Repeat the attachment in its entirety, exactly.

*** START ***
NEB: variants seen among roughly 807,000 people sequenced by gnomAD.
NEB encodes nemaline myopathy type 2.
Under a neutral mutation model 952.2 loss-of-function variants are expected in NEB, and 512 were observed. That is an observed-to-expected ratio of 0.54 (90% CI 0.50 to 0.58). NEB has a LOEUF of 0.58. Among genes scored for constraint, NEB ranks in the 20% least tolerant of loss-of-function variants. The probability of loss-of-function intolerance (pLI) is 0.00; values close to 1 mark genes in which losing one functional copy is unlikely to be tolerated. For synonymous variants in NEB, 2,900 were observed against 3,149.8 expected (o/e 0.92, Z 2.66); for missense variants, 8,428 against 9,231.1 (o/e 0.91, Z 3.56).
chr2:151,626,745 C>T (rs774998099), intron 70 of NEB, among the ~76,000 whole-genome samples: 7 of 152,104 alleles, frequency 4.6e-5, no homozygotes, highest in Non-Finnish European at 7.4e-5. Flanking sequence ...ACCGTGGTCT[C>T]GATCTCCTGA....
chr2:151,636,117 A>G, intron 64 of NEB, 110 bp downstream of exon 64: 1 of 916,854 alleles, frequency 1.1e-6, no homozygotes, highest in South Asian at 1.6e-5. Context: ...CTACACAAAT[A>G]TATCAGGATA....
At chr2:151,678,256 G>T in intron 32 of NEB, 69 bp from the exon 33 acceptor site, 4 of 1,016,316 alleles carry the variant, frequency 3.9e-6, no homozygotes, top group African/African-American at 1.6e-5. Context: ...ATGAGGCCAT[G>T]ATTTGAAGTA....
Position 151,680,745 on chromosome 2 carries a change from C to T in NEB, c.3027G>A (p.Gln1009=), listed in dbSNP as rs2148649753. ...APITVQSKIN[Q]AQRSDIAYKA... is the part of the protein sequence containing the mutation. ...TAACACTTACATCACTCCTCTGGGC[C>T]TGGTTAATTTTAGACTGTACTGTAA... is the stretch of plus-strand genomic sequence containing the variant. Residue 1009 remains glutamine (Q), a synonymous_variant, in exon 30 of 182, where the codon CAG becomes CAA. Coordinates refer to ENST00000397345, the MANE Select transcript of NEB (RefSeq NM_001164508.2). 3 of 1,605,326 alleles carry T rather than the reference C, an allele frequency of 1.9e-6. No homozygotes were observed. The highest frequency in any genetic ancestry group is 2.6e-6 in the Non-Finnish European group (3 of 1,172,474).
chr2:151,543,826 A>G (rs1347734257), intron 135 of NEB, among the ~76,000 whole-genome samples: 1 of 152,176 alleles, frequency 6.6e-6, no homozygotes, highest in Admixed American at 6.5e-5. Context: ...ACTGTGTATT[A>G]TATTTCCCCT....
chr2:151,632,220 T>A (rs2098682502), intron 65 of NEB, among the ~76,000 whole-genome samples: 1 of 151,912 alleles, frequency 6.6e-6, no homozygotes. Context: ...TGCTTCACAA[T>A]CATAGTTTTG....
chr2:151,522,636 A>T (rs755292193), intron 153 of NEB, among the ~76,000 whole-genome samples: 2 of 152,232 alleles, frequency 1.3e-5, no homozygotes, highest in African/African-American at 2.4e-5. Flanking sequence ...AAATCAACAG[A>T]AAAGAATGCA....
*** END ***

NEB: variants seen among roughly 807,000 people sequenced by gnomAD.
NEB encodes nemaline myopathy type 2.
Under a neutral mutation model 952.2 loss-of-function variants are expected in NEB, and 512 were observed. That is an observed-to-expected ratio of 0.54 (90% CI 0.50 to 0.58). NEB has a LOEUF of 0.58. Among genes scored for constraint, NEB ranks in the 20% least tolerant of loss-of-function variants. The probability of loss-of-function intolerance (pLI) is 0.00; values close to 1 mark genes in which losing one functional copy is unlikely to be tolerated. For synonymous variants in NEB, 2,900 were observed against 3,149.8 expected (o/e 0.92, Z 2.66); for missense variants, 8,428 against 9,231.1 (o/e 0.91, Z 3.56).
chr2:151,626,745 C>T (rs774998099), intron 70 of NEB, among the ~76,000 whole-genome samples: 7 of 152,104 alleles, frequency 4.6e-5, no homozygotes, highest in Non-Finnish European at 7.4e-5. Flanking sequence ...ACCGTGGTCT[C>T]GATCTCCTGA....
chr2:151,636,117 A>G, intron 64 of NEB, 110 bp downstream of exon 64: 1 of 916,854 alleles, frequency 1.1e-6, no homozygotes, highest in South Asian at 1.6e-5. Context: ...CTACACAAAT[A>G]TATCAGGATA....
At chr2:151,678,256 G>T in intron 32 of NEB, 69 bp from the exon 33 acceptor site, 4 of 1,016,316 alleles carry the variant, frequency 3.9e-6, no homozygotes, top group African/African-American at 1.6e-5. Context: ...ATGAGGCCAT[G>T]ATTTGAAGTA....
Position 151,680,745 on chromosome 2 carries a change from C to T in NEB, c.3027G>A (p.Gln1009=), listed in dbSNP as rs2148649753. ...APITVQSKIN[Q]AQRSDIAYKA... is the part of the protein sequence containing the mutation. ...TAACACTTACATCACTCCTCTGGGC[C>T]TGGTTAATTTTAGACTGTACTGTAA... is the stretch of plus-strand genomic sequence containing the variant. Residue 1009 remains glutamine (Q), a synonymous_variant, in exon 30 of 182, where the codon CAG becomes CAA. Coordinates refer to ENST00000397345, the MANE Select transcript of NEB (RefSeq NM_001164508.2). 3 of 1,605,326 alleles carry T rather than the reference C, an allele frequency of 1.9e-6. No homozygotes were observed. The highest frequency in any genetic ancestry group is 2.6e-6 in the Non-Finnish European group (3 of 1,172,474).
chr2:151,543,826 A>G (rs1347734257), intron 135 of NEB, among the ~76,000 whole-genome samples: 1 of 152,176 alleles, frequency 6.6e-6, no homozygotes, highest in Admixed American at 6.5e-5. Context: ...ACTGTGTATT[A>G]TATTTCCCCT....
chr2:151,632,220 T>A (rs2098682502), intron 65 of NEB, among the ~76,000 whole-genome samples: 1 of 151,912 alleles, frequency 6.6e-6, no homozygotes. Context: ...TGCTTCACAA[T>A]CATAGTTTTG....
chr2:151,522,636 A>T (rs755292193), intron 153 of NEB, among the ~76,000 whole-genome samples: 2 of 152,232 alleles, frequency 1.3e-5, no homozygotes, highest in African/African-American at 2.4e-5. Flanking sequence ...AAATCAACAG[A>T]AAAGAATGCA....